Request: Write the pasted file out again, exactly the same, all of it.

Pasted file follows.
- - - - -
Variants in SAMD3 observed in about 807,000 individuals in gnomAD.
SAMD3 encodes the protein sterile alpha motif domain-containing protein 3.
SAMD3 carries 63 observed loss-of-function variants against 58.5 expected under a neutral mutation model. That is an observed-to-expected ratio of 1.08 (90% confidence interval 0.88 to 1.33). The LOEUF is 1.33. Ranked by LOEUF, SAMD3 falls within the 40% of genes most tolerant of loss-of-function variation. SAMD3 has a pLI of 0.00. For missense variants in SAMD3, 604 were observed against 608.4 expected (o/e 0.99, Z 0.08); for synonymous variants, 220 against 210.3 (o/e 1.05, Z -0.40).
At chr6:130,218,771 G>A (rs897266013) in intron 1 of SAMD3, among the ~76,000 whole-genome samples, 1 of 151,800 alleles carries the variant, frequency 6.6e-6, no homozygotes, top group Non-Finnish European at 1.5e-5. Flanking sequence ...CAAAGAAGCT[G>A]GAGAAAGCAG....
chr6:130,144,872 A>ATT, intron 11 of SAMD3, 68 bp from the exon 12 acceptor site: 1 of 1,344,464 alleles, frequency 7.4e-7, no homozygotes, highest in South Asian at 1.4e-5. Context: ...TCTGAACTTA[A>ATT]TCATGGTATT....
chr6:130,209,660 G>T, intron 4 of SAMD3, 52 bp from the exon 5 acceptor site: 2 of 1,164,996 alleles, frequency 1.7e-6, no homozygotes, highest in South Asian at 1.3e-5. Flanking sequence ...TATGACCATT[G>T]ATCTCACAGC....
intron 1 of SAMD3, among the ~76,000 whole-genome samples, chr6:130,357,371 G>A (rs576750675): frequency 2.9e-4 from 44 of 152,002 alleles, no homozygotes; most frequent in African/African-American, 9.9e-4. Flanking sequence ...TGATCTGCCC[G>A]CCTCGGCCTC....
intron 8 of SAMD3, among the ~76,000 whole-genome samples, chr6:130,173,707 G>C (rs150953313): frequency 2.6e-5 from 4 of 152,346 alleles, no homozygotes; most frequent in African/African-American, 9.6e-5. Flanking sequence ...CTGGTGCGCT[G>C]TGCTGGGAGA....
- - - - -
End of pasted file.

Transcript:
Variants in SAMD3 observed in about 807,000 individuals in gnomAD.
SAMD3 encodes the protein sterile alpha motif domain-containing protein 3.
SAMD3 carries 63 observed loss-of-function variants against 58.5 expected under a neutral mutation model. That is an observed-to-expected ratio of 1.08 (90% confidence interval 0.88 to 1.33). The LOEUF is 1.33. Ranked by LOEUF, SAMD3 falls within the 40% of genes most tolerant of loss-of-function variation. SAMD3 has a pLI of 0.00. For missense variants in SAMD3, 604 were observed against 608.4 expected (o/e 0.99, Z 0.08); for synonymous variants, 220 against 210.3 (o/e 1.05, Z -0.40).
At chr6:130,218,771 G>A (rs897266013) in intron 1 of SAMD3, among the ~76,000 whole-genome samples, 1 of 151,800 alleles carries the variant, frequency 6.6e-6, no homozygotes, top group Non-Finnish European at 1.5e-5. Flanking sequence ...CAAAGAAGCT[G>A]GAGAAAGCAG....
chr6:130,144,872 A>ATT, intron 11 of SAMD3, 68 bp from the exon 12 acceptor site: 1 of 1,344,464 alleles, frequency 7.4e-7, no homozygotes, highest in South Asian at 1.4e-5. Context: ...TCTGAACTTA[A>ATT]TCATGGTATT....
chr6:130,209,660 G>T, intron 4 of SAMD3, 52 bp from the exon 5 acceptor site: 2 of 1,164,996 alleles, frequency 1.7e-6, no homozygotes, highest in South Asian at 1.3e-5. Flanking sequence ...TATGACCATT[G>T]ATCTCACAGC....
intron 1 of SAMD3, among the ~76,000 whole-genome samples, chr6:130,357,371 G>A (rs576750675): frequency 2.9e-4 from 44 of 152,002 alleles, no homozygotes; most frequent in African/African-American, 9.9e-4. Flanking sequence ...TGATCTGCCC[G>A]CCTCGGCCTC....
intron 8 of SAMD3, among the ~76,000 whole-genome samples, chr6:130,173,707 G>C (rs150953313): frequency 2.6e-5 from 4 of 152,346 alleles, no homozygotes; most frequent in African/African-American, 9.6e-5. Flanking sequence ...CTGGTGCGCT[G>C]TGCTGGGAGA....